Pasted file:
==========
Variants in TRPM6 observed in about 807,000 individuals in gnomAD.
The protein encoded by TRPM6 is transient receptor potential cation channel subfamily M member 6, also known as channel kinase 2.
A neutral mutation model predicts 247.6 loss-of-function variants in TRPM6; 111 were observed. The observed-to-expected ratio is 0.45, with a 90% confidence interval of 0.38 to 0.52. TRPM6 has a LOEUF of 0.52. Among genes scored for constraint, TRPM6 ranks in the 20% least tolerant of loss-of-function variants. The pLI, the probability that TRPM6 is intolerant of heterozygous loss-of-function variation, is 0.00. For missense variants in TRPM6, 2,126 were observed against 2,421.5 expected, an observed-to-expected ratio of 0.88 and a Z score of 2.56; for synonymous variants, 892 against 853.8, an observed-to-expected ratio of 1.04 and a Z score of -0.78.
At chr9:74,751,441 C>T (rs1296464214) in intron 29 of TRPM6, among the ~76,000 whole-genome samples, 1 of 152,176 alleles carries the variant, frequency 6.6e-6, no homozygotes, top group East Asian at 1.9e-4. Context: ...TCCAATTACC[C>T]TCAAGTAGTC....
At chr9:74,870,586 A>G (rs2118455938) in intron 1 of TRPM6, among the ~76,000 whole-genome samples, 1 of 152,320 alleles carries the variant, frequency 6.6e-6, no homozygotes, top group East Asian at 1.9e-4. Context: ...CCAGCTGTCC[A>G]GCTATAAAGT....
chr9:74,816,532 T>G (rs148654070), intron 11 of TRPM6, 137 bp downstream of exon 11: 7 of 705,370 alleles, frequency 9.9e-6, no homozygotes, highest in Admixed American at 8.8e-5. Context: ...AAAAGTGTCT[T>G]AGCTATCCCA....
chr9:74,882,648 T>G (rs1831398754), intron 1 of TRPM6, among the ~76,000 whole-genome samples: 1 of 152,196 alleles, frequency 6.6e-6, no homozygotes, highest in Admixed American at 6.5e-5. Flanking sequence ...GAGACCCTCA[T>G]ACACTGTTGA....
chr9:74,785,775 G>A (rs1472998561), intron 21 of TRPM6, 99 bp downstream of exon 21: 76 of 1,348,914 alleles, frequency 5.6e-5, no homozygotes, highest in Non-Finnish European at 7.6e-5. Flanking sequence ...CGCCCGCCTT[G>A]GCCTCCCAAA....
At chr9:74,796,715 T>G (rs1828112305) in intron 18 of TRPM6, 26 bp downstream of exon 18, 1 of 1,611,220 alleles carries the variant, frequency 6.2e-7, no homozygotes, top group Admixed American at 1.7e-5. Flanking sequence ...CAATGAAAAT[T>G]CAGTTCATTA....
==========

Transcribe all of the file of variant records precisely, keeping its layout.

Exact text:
Variants in TRPM6 observed in about 807,000 individuals in gnomAD.
The protein encoded by TRPM6 is transient receptor potential cation channel subfamily M member 6, also known as channel kinase 2.
A neutral mutation model predicts 247.6 loss-of-function variants in TRPM6; 111 were observed. The observed-to-expected ratio is 0.45, with a 90% confidence interval of 0.38 to 0.52. TRPM6 has a LOEUF of 0.52. Among genes scored for constraint, TRPM6 ranks in the 20% least tolerant of loss-of-function variants. The pLI, the probability that TRPM6 is intolerant of heterozygous loss-of-function variation, is 0.00. For missense variants in TRPM6, 2,126 were observed against 2,421.5 expected, an observed-to-expected ratio of 0.88 and a Z score of 2.56; for synonymous variants, 892 against 853.8, an observed-to-expected ratio of 1.04 and a Z score of -0.78.
At chr9:74,751,441 C>T (rs1296464214) in intron 29 of TRPM6, among the ~76,000 whole-genome samples, 1 of 152,176 alleles carries the variant, frequency 6.6e-6, no homozygotes, top group East Asian at 1.9e-4. Context: ...TCCAATTACC[C>T]TCAAGTAGTC....
At chr9:74,870,586 A>G (rs2118455938) in intron 1 of TRPM6, among the ~76,000 whole-genome samples, 1 of 152,320 alleles carries the variant, frequency 6.6e-6, no homozygotes, top group East Asian at 1.9e-4. Context: ...CCAGCTGTCC[A>G]GCTATAAAGT....
chr9:74,816,532 T>G (rs148654070), intron 11 of TRPM6, 137 bp downstream of exon 11: 7 of 705,370 alleles, frequency 9.9e-6, no homozygotes, highest in Admixed American at 8.8e-5. Context: ...AAAAGTGTCT[T>G]AGCTATCCCA....
chr9:74,882,648 T>G (rs1831398754), intron 1 of TRPM6, among the ~76,000 whole-genome samples: 1 of 152,196 alleles, frequency 6.6e-6, no homozygotes, highest in Admixed American at 6.5e-5. Flanking sequence ...GAGACCCTCA[T>G]ACACTGTTGA....
chr9:74,785,775 G>A (rs1472998561), intron 21 of TRPM6, 99 bp downstream of exon 21: 76 of 1,348,914 alleles, frequency 5.6e-5, no homozygotes, highest in Non-Finnish European at 7.6e-5. Flanking sequence ...CGCCCGCCTT[G>A]GCCTCCCAAA....
At chr9:74,796,715 T>G (rs1828112305) in intron 18 of TRPM6, 26 bp downstream of exon 18, 1 of 1,611,220 alleles carries the variant, frequency 6.2e-7, no homozygotes, top group Admixed American at 1.7e-5. Flanking sequence ...CAATGAAAAT[T>G]CAGTTCATTA....